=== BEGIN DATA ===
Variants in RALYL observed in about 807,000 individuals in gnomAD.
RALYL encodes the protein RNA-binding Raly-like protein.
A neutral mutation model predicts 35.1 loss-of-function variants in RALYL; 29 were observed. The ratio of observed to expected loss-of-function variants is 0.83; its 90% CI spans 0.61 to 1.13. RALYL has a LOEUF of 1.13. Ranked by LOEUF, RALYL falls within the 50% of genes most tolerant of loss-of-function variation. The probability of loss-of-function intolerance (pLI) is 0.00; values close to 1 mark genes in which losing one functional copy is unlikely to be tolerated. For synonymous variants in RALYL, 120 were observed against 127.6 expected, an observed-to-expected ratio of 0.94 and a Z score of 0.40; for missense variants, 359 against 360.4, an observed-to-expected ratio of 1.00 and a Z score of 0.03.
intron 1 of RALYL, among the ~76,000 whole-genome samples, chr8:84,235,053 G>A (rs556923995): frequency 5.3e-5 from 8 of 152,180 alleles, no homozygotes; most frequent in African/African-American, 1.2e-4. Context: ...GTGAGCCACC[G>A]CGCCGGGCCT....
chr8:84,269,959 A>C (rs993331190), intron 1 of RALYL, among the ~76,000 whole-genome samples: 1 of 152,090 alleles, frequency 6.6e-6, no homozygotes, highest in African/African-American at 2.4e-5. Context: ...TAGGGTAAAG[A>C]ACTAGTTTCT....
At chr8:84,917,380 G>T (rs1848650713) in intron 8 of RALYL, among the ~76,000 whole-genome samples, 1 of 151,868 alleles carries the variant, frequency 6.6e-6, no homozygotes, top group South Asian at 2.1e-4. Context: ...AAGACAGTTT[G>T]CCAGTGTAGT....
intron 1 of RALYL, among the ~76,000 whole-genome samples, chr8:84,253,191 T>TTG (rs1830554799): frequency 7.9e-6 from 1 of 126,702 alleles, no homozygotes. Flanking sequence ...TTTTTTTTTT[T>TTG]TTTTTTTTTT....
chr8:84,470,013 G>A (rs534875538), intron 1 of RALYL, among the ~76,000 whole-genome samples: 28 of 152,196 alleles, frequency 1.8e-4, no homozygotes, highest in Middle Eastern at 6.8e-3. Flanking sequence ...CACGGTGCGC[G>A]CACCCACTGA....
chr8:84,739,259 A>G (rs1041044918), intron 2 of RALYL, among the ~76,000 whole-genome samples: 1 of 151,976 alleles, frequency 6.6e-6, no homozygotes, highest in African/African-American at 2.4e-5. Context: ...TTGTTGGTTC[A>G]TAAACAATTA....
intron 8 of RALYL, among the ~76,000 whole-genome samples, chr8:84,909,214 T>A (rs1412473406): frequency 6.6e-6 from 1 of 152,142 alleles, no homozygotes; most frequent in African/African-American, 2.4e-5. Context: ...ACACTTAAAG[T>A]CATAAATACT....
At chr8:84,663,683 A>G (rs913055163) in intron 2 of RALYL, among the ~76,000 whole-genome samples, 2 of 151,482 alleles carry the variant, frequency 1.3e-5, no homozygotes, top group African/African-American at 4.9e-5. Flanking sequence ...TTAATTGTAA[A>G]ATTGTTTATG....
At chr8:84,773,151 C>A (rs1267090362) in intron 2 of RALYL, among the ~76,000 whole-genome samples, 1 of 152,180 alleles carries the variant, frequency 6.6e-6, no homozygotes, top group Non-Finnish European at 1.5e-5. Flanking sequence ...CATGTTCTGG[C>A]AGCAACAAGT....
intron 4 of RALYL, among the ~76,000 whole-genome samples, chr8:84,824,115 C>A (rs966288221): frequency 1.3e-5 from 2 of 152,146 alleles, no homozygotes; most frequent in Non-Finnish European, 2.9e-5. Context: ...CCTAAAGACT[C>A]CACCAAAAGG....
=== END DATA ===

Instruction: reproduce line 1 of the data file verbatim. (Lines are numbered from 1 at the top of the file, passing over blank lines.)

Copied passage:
Variants in RALYL observed in about 807,000 individuals in gnomAD.